- Ten Dollars to Hate: The Texas Man Who Fought the Klan by Patricia Bernstein
Patricia Bernstein offers an interesting if not unproblematic addition to the burgeoning literature on the Ku Klux Klan in the 1920s. The first of the book's avowed goals is to redress public "ignorance" of the existence of the second Klan by focusing specifically on the Klan in Texas (p. ix). The book's second goal is somewhat more provocative. Bernstein explicitly hopes to "revive and celebrate" Dan Moody, "a long-forgotten American hero" and the subject of Ten Dollars to Hate: The Texas Man Who Fought the Klan (p. xi).
Marking a significant divergence from recent literature on the Klan, Bernstein's book is primarily concerned with the second Klan as an agent of violence. Opening with the abduction and flogging of Ralph Waldo Burleson, the book centers on whippings and beatings that were, per Bernstein, exceptional even by the standards of "Texans accustomed to casual and sometimes [End Page 203] terrible violence" (p. 64). There is an argument to be made that this is a necessary corrective to relatively bloodless analyses of the Klan as a social and fraternal organization. But Bernstein risks swinging the pendulum too far. Drawing largely on contemporary newspaper reports rather than on the kinds of Klan archival records of which recent local studies have made use, she spends little time on the Klan's function outside of its violent vigilantism. As other historians have made clear, even within Texas the Klan's appeal was not always a violent one.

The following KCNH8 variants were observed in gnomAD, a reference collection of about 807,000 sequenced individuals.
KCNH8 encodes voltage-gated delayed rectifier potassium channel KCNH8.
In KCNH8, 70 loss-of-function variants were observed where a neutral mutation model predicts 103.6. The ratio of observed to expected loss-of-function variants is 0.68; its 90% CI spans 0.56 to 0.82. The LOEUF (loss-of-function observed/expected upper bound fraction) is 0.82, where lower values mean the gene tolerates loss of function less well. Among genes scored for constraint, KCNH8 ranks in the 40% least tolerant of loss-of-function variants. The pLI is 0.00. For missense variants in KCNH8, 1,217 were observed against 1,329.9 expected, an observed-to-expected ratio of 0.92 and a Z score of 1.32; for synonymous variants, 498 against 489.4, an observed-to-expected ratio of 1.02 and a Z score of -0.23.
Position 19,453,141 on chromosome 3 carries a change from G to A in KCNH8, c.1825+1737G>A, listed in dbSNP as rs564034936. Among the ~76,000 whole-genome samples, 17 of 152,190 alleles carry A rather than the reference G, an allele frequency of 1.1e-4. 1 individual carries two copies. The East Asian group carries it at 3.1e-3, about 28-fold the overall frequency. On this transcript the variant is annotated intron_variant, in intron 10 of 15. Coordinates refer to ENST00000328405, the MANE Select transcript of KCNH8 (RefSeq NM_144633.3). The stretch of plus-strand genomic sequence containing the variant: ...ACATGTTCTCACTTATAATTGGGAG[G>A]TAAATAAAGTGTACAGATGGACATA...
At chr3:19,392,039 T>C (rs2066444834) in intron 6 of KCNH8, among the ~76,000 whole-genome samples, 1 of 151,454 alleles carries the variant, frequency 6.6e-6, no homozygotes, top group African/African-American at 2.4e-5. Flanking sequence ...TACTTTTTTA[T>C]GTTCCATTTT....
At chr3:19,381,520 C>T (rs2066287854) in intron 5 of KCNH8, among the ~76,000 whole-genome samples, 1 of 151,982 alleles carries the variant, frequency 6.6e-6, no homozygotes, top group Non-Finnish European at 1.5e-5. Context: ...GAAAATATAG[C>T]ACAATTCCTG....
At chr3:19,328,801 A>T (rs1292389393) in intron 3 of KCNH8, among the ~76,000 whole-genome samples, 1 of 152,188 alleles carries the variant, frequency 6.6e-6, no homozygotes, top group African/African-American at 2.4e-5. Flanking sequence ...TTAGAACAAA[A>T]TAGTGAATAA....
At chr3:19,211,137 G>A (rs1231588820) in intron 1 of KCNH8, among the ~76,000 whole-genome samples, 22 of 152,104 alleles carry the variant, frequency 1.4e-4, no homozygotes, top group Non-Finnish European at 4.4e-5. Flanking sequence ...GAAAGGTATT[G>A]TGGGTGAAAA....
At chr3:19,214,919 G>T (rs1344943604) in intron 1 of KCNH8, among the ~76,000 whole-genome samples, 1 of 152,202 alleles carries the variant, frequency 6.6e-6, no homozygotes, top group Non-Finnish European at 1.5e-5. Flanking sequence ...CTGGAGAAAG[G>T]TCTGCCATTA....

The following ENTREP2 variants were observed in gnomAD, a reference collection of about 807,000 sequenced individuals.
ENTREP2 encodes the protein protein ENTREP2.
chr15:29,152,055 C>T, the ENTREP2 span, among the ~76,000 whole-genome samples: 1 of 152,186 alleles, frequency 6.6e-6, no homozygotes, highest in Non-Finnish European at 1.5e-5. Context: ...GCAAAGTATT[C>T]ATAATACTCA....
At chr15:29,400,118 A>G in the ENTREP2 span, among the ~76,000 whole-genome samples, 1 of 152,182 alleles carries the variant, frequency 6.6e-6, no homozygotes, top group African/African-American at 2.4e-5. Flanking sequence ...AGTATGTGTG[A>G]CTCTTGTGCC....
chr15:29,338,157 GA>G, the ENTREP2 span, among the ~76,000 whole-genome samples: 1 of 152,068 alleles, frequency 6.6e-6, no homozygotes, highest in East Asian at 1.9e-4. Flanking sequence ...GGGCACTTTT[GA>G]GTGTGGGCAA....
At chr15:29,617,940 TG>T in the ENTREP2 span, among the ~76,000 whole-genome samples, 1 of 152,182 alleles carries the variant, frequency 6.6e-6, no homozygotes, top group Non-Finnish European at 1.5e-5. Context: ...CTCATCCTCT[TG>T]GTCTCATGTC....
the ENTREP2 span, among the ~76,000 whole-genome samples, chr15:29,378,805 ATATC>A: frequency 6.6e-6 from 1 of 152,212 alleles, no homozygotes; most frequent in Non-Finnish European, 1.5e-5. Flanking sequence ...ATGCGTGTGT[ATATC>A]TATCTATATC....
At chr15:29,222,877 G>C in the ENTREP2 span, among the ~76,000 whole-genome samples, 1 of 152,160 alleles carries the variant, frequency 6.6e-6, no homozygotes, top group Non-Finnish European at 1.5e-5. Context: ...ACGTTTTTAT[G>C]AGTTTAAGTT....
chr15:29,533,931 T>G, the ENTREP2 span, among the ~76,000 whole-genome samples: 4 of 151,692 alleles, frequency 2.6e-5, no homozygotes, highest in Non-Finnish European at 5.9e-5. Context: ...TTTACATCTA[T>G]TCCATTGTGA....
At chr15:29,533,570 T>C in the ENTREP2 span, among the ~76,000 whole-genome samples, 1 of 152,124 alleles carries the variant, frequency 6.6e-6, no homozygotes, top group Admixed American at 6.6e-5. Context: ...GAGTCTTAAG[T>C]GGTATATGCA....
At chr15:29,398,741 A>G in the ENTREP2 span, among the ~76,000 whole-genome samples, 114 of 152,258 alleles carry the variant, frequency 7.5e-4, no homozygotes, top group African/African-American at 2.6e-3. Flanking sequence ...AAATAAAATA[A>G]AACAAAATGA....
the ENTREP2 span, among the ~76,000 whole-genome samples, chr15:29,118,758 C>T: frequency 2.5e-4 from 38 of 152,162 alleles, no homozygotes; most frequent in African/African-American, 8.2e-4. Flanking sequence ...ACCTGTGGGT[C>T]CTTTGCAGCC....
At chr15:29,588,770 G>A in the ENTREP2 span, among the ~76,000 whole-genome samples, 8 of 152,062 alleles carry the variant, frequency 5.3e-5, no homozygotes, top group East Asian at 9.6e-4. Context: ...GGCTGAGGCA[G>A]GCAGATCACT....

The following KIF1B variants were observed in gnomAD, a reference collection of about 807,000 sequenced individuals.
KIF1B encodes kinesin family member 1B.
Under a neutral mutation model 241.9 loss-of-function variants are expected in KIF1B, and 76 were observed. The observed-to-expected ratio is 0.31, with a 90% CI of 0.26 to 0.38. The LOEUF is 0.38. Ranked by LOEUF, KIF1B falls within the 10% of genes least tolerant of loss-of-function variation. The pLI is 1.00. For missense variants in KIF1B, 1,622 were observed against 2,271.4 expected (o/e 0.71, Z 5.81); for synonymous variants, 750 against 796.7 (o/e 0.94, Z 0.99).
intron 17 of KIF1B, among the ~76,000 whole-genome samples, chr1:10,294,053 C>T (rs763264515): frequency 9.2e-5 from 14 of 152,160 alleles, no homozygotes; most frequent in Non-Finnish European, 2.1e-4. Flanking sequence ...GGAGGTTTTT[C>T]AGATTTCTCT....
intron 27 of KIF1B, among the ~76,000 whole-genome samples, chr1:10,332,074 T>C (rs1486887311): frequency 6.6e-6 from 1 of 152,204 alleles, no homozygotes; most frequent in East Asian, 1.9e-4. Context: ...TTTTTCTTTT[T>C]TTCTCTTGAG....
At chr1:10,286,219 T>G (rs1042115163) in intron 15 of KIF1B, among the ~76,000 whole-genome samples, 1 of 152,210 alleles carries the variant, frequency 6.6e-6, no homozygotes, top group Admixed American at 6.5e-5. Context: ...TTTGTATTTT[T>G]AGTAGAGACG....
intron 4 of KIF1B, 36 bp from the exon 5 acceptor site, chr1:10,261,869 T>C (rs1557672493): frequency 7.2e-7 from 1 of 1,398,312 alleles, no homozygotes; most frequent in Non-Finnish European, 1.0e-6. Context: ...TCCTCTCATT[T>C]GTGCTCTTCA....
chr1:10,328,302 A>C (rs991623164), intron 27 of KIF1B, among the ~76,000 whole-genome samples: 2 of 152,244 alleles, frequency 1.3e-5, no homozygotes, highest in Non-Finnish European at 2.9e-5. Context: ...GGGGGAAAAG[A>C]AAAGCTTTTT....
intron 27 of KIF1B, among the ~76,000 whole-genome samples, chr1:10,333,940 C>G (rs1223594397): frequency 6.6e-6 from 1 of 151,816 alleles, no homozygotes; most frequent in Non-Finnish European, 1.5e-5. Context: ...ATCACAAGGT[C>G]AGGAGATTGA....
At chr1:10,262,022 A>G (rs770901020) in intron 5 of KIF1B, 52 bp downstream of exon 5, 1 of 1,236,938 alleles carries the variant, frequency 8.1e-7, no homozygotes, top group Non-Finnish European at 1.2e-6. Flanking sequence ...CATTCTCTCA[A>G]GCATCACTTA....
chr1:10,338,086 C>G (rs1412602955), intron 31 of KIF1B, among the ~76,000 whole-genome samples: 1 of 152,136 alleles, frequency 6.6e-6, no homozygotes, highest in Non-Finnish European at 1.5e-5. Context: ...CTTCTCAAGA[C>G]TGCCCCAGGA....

Bernstein centers this narrative of often-unpunished violence on her champion Dan Moody, the first prosecutor in the United States to successfully convict Klansmen for a vigilante attack. Moody certainly deserves plaudits, though Bernstein's contention that his success contributed to the beginning of the end of the Klan in Texas is less convincing. Moody's mixed record as the state's attorney general and governor is relegated to the epilogue, as is his failed run for Senate in 1942, when he was defeated by the Klan-backed W. Lee "Pappy" O'Daniel. More troubling, Bernstein's desire to present Moody as hero means that she only acknowledges—and fairly poorly—that "Moody has always been a racist" in the epilogue (p. 250).
In relegating this fact to an afterthought, Bernstein weakens her most compelling argument—that opposition to the Klan in Texas did not derive from violence per se but from the fact that white Texans were often the targets of Klan violence. Moody's opposition to the Klan coexisted comfortably with his belief in white supremacy, as it did for many in the 1920s. Ex-Klan recruiter Henry P. Fry, for one, saw the organization as a menace primarily because of its potential to create division among white Americans and undermine representative democracy. Bernstein hints at this idea, but her argument remains underdeveloped and is secondary to lionizing Moody. Bernstein's book, intended for a general readership, will be of limited use to those familiar with the literature on the second Klan, but it may be of interest to scholars of Texas history more generally.